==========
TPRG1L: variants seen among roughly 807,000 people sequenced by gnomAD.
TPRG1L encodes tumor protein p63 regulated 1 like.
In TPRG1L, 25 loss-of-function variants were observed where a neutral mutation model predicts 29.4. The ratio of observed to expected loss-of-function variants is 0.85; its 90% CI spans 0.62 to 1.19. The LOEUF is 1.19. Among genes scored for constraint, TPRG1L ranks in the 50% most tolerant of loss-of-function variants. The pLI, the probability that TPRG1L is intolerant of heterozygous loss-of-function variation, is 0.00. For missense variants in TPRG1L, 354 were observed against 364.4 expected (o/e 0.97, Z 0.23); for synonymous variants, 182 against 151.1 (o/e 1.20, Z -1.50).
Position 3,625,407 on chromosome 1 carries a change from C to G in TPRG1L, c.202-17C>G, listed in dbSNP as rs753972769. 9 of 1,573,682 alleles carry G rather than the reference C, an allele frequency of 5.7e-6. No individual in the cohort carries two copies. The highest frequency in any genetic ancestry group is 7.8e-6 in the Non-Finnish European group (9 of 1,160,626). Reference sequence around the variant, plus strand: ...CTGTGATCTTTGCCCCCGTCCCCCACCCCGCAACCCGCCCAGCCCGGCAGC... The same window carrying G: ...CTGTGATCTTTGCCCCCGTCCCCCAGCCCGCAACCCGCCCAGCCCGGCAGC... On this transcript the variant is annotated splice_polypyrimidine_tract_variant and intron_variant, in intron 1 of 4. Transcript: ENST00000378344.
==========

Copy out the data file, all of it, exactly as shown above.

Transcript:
TPRG1L: variants seen among roughly 807,000 people sequenced by gnomAD.
TPRG1L encodes tumor protein p63 regulated 1 like.
In TPRG1L, 25 loss-of-function variants were observed where a neutral mutation model predicts 29.4. The ratio of observed to expected loss-of-function variants is 0.85; its 90% CI spans 0.62 to 1.19. The LOEUF is 1.19. Among genes scored for constraint, TPRG1L ranks in the 50% most tolerant of loss-of-function variants. The pLI, the probability that TPRG1L is intolerant of heterozygous loss-of-function variation, is 0.00. For missense variants in TPRG1L, 354 were observed against 364.4 expected (o/e 0.97, Z 0.23); for synonymous variants, 182 against 151.1 (o/e 1.20, Z -1.50).
Position 3,625,407 on chromosome 1 carries a change from C to G in TPRG1L, c.202-17C>G, listed in dbSNP as rs753972769. 9 of 1,573,682 alleles carry G rather than the reference C, an allele frequency of 5.7e-6. No individual in the cohort carries two copies. The highest frequency in any genetic ancestry group is 7.8e-6 in the Non-Finnish European group (9 of 1,160,626). Reference sequence around the variant, plus strand: ...CTGTGATCTTTGCCCCCGTCCCCCACCCCGCAACCCGCCCAGCCCGGCAGC... The same window carrying G: ...CTGTGATCTTTGCCCCCGTCCCCCAGCCCGCAACCCGCCCAGCCCGGCAGC... On this transcript the variant is annotated splice_polypyrimidine_tract_variant and intron_variant, in intron 1 of 4. Transcript: ENST00000378344.